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Beat Generation

Ed Lin’s second novel is an authentic portrait of Chinatown in 1976
By CHRISTOPHER GRAY  |  July 9, 2008

This Is A Bust by Ed Lin | Kaya Press | 345 pages | $14.95 | Reading 7 pm July 17 | Longfellow Books, One Monument Way, Portland | Free | 207.772.4045
Set in New York City’s Chinatown during America’s bicentennial and the pessimistic aftermath of the Vietnam War, Ed Lin’s second novel, This Is a Bust, is ripe with political, institutional, and racial turmoil. Lin’s Chinese-American protagonist, Robert Chow, returns from active duty to take a position with the New York Police Department — reeling from budget problems and subsequent staff cuts — as a beat cop in his home neighborhood.

Vaguely scarred by the war and frustrated with his marginal job, Chow is fair-minded but increasingly temperamental, drinking morning and night to, in essence, remain sober on his beat. A suspicious death in Chinatown presents Chow with a chance to prove his utility as a detective among his neighbors, but his superiors prefer him glad-handing on the street, in hopes pictures of Chinese residents and Chinese cops will make it into newspapers. Chow’s a walking PR rep, and he’s not happy about it.

This is the novel’s most intriguing dilemma, forcing Chow to remain genial with both his bosses and Chinatown’s citizens while daydreaming about a more demanding job. Chow’s rapport with his neighbors is apparent, if strained at times — he still has to meet quotas on parking violations — and his skills as a translator and ambassador would be an obvious help in solving crimes. His commanding officer is more interested in having him prove how “integrated” the police department is with the community, so Chow mopily walks a beat “as tame as a chihuahua,” attending Girl Scout and YMCA fund-raisers before late-night benders in his unkempt apartment.

Chow’s frustrations are strained by Lin’s ultimately awkward decision to write the book in hardboiled, first-person prose. The setup is ironic — a detective story told by a cop who hasn’t been able to prove himself a detective — but Chow always feels too even-keeled, even in his alcoholism, to play the tough guy Lin wants us to think he is. His weary punchlines (“There was nothing I could do now, except 17 more years. Then I could get my stupid pension.”) and mundane activities suit the genre’s terse attitude, but most of Chow’s grittier quips (“Most daytours and nighttours would end with me drinking my fucking eyeballs dry.”) are unconvincing. It’s hard to believe he’d get worked up about much of anything.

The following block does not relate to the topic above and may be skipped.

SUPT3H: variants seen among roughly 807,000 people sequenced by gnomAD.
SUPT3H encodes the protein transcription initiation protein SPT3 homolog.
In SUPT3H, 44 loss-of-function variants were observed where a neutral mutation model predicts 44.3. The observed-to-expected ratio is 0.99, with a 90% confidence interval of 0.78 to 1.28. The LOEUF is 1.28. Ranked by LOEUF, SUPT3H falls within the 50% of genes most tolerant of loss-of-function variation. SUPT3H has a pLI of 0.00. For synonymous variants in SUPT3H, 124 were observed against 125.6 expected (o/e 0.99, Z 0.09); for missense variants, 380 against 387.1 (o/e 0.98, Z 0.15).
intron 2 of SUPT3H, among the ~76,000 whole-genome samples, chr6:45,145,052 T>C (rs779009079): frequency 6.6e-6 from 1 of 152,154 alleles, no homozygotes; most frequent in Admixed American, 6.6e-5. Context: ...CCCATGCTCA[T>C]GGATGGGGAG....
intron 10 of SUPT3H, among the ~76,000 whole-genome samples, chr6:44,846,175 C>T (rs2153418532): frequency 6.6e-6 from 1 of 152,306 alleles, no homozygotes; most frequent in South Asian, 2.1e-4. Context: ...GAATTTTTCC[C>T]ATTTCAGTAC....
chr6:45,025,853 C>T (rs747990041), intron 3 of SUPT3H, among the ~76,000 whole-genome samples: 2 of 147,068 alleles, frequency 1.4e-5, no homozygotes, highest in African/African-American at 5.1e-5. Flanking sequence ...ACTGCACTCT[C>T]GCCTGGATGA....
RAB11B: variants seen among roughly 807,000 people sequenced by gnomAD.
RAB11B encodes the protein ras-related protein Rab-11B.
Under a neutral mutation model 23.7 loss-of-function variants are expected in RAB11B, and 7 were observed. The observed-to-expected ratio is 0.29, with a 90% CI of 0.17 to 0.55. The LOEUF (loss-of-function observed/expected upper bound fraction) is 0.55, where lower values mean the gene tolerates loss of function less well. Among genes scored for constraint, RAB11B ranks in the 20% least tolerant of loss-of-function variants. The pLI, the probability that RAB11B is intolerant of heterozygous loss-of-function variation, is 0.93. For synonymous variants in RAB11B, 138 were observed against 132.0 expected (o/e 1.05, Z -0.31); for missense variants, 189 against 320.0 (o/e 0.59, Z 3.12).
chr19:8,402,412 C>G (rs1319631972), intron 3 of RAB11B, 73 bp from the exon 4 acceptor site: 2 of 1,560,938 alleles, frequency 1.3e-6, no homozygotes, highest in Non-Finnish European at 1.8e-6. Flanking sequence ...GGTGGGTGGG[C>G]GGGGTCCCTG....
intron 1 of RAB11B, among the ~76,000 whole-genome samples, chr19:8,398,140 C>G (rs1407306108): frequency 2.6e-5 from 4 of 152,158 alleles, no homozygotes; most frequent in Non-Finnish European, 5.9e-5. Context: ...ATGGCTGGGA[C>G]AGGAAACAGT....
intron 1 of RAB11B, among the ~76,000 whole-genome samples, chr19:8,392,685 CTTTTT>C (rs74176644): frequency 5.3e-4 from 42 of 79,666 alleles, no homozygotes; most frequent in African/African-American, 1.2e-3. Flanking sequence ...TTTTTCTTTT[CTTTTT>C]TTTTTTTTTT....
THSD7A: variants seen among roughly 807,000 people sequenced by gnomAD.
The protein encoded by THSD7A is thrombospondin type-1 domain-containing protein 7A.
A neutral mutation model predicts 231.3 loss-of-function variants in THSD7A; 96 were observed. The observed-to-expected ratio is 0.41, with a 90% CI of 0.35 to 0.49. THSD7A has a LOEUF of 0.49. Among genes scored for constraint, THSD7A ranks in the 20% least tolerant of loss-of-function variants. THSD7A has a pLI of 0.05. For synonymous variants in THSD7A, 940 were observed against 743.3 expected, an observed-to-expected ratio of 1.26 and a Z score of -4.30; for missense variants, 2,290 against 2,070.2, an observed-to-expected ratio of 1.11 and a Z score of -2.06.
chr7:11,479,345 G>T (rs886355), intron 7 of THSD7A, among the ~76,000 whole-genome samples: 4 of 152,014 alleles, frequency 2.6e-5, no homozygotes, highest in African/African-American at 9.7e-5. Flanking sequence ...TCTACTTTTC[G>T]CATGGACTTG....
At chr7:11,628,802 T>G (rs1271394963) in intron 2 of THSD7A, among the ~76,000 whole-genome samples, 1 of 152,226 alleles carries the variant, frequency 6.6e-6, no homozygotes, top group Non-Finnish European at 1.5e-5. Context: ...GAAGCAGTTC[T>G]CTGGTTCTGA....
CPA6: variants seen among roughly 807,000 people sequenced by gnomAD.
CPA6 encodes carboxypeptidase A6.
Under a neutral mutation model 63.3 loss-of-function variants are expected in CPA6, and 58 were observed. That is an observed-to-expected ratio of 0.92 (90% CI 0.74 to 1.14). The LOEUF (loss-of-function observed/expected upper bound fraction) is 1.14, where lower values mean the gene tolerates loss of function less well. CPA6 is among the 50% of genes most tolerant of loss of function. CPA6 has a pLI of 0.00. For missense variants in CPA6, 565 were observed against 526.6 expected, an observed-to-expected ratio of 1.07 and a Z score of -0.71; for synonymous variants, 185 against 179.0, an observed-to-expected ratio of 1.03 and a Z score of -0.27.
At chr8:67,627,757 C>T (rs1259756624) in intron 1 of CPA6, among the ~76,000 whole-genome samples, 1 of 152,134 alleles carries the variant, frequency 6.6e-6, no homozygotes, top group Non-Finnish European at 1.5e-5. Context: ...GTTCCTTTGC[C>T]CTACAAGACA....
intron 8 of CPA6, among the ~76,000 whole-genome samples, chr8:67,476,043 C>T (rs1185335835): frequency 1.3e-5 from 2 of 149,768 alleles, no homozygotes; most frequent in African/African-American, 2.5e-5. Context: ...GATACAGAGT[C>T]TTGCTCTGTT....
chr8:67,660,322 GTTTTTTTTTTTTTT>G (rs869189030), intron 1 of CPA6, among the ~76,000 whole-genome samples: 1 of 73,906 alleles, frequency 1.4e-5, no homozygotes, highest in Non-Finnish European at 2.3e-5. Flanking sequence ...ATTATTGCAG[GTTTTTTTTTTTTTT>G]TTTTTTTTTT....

Though This is a Bust is a less successful novel than Lin’s debut, Waylaid (2002, Kaya Press) — a ribald, sharp coming-of-age story about a 12-year-old boy who works at his parents’ seedy motel and just wants to get laid, the book feels like Junot Diaz on Cialis — it’s more ambitious and sociologically acute. Lin weaves an impressive tapestry of inter- and intra-racial relationships and gives a clear cultural foundation to them all, exposing rifts between a melting pot of citizens stereotyped by the neighborhood they work in: old and young Chinese; entrepreneurial, business-class, and service-industry Chinese; black, white, and Chinese cops; cops and “suspicious” teens of different races; and Taiwanese and mainland Chinese.

The subtle tensions and traditions between all of these groups make for some very vivid minor characters — an elderly man who helps non-English speakers prepare their letters for mailing at the post office; a dwarf who’s never lost a card or board game in the park; Chow’s former partner, a black detective who tries to keep Chow’s attitude in check — and Chow, embittered as he is, is an excellent soundpost. The varied backgrounds and agendas of his neighbors and coworkers reveal Chow to be a more sympathetic character than his jaded narration would otherwise indicate. When he hits bottom — becoming pugnacious, drunk, and verbally abusive on the job — the helping hands that save Chow act out of genuine respect and concern, not just for the sake of a happy ending.

Christopher Gray can be reached at

  Topics: Books , Ed Lin , War and Conflict , Police ,  More more >
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